“I don’t think I’ll teach any differently this year. We just won’t use the Chromebooks in math class.”
—Me (at the beginning of the school year)
Last school year, our school started a one-to-one Chromebook initiative for the sixth grade. That meant our incoming seventh-graders would not only have Chromebooks, they would know how to use them!
What I thought would happen (aka delusions of grandeur):
1. All of our classroom-management problems would be solved because our students would be engaged with technology.
2. We could cancel our school’s future orders of copy paper and get rid of the copy machines, because we could put everything online.
3. Students would always do their work if it was online, because they always had access to a device.
4. Students would be adept with the technology because they used it the year before.
5. A one-to-one initiative wouldn’t change how I teach very much at all.
What actually happened (aka reality):
1. One-to-one initiatives have a lot of their own classroom-management problems. Luckily, a lot of these issues had been hammered out the year before, but the biggest issue was off-task behavior online. Additionally, just because students are doing work on the computer doesn’t mean that it is engaging or effective.
2. A lot of school work still needs to be done on paper. Depending on the grade level and subject, students can’t always work out their thinking only on a computer (i.e., math). Blended-learning classrooms often move seamlessly between online and offline activities, so don’t cancel those copier maintenance contracts yet.
3. Students don’t do their work for a lot more reasons than access and availability of technology.
4. Though my students used Chromebooks in the past, they still need support to understand how to best use the internet as a resource for learning.
5. The one-to-one initiative at my school completely changed the way that I teach. Blended learning has helped me become a more effective and efficient educator.
Tips for getting started on your blended journey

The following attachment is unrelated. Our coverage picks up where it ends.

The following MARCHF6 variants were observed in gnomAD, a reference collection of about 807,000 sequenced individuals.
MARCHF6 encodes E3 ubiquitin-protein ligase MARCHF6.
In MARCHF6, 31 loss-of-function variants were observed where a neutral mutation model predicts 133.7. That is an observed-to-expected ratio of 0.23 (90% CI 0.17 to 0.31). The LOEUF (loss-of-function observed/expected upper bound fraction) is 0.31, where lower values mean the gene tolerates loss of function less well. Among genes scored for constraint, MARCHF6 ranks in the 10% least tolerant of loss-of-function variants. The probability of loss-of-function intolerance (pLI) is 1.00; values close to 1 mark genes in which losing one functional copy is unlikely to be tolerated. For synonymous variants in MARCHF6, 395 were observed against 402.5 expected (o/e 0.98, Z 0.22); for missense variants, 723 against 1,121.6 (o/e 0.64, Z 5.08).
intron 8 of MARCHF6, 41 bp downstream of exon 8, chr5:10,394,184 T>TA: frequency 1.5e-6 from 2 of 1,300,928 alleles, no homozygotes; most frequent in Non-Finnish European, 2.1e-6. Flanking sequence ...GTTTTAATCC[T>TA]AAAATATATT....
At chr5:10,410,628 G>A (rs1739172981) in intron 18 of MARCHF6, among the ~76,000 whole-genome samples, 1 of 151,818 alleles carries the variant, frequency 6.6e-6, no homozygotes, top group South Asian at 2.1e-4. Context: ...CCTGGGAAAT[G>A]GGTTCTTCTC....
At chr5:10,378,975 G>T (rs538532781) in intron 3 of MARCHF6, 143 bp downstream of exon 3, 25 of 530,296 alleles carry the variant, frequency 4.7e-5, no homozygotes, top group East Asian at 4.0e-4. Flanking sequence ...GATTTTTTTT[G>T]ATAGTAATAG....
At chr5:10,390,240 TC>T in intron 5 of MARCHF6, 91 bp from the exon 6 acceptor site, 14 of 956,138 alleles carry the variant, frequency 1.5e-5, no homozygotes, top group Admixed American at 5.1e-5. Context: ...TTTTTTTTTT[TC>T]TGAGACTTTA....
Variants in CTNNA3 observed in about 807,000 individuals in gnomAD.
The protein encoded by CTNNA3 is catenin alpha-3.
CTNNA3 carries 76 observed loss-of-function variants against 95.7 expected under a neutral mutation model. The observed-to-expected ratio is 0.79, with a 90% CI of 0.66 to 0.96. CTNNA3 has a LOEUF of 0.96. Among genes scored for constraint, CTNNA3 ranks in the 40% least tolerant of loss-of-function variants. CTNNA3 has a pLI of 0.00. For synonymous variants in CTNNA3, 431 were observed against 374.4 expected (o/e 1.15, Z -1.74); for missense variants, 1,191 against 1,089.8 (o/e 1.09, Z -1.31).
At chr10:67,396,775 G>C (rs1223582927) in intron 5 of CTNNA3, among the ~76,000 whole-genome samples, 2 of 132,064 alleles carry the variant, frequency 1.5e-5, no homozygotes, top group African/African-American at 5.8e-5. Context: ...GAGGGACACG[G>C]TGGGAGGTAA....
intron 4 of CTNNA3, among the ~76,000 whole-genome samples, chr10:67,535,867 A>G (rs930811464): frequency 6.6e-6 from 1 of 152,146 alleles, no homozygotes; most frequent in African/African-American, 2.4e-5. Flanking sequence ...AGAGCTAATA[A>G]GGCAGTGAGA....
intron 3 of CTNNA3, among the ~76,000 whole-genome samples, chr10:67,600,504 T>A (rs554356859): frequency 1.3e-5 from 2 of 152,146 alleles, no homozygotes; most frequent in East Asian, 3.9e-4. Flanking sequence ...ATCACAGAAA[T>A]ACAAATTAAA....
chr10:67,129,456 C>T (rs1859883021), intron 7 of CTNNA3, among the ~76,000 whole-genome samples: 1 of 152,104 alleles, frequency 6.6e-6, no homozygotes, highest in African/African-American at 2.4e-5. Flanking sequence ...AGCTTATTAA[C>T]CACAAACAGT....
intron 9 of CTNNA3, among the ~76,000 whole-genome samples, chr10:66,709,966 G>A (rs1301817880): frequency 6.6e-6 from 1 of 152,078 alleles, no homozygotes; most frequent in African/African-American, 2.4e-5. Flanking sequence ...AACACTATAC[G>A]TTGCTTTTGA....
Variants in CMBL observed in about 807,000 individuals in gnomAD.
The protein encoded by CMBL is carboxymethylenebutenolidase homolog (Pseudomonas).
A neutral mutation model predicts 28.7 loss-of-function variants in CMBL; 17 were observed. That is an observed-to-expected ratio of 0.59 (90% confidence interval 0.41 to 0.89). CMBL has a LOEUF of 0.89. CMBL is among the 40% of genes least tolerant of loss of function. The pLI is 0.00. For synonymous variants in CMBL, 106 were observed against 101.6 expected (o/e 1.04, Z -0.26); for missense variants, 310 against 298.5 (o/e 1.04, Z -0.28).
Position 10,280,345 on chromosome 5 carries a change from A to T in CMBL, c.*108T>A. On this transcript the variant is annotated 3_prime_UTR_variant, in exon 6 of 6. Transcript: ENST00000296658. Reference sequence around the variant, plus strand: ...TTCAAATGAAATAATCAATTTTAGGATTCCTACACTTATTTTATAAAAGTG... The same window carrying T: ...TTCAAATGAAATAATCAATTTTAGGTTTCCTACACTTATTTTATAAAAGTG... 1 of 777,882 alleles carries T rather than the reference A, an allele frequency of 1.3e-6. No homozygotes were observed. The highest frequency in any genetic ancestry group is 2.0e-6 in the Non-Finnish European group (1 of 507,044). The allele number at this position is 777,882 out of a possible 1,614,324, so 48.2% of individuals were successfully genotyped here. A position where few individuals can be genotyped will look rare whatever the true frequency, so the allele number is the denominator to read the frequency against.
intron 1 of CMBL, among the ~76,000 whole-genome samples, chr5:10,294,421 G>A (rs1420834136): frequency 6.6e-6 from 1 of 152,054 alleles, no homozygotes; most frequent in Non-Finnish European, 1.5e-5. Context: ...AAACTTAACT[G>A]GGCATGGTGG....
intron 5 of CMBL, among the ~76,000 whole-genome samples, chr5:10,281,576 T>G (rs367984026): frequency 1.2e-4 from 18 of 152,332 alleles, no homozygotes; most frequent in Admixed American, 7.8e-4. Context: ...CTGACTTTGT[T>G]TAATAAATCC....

1. Enter with the right perspective.
The key word that people miss in blended Learning is “blended.” Technology will not replace the great work you already do in your classroom. It should reduce the mundane, repeatable tasks that bog down your class time. Technology helps us become better teachers by identifying needs instantaneously and reducing wait time for valuable academic feedback.
2. Start with Google Classroom.
Google Classroom is easy to set up and lets you send materials and instructions to your students immediately. Also, most educational apps connect with Google Classroom to import rosters and post assignments. Start simple; post your daily agenda only on Google Classroom and make it part of your students’ entrance routine to check for the agenda and a “Do Now” activity online.
3. Investigate different learning models.
Blended learning is going to look different in every classroom since each teacher will blend technology in their own way. Assess your comfort level by looking at some models used in successful classrooms. Check out:
- Station Rotation: Great when device availability is limited. Students rotate through stations that include small-group instruction, collaborative paper-and-pencil tasks, and independent practice on the computer.
- Flex Model: Students work through content and course material online while the teacher takes the roll of facilitator and guide. In the flex model, the students are in charge of their own learning.
- Flipped Classroom: Students learn new concepts at home for homework while class time is freed up for hands-on learning and guided practice.
4. Assign something.
Get started by giving your students a list of online assignments in the form of a playlist or hyperdoc. Playlists and hyperdocs flip the responsibility of learning from the teacher to the students in the form of a self-paced list of assignments and resources. I like teaching this way because it frees me up from the front of the room to help individual students and provide more meaningful instruction in small groups.
5. Ask for help.
Coming into this school year, I had huge plans on how our school’s one-to-one was going to transform my classroom. I had good ideas, but I was overwhelmed with finding the right mix of technology and traditional teaching that worked best. Luckily, we have a fantastic technology integration coach; also, our district offered blended-learning coaching from a local non-profit.
Don’t be afraid to ask for help from administration, coaches, and other teachers who are successful in blending their classrooms. Remember, you’re just getting started. Keep in mind that technology shouldn’t be used just for technology’s sake—everything you do should be for the benefit of your students.
Next time: Why DIY videos are easier than you think
[Editor’s Note: See previous Blending My Practice columns here.]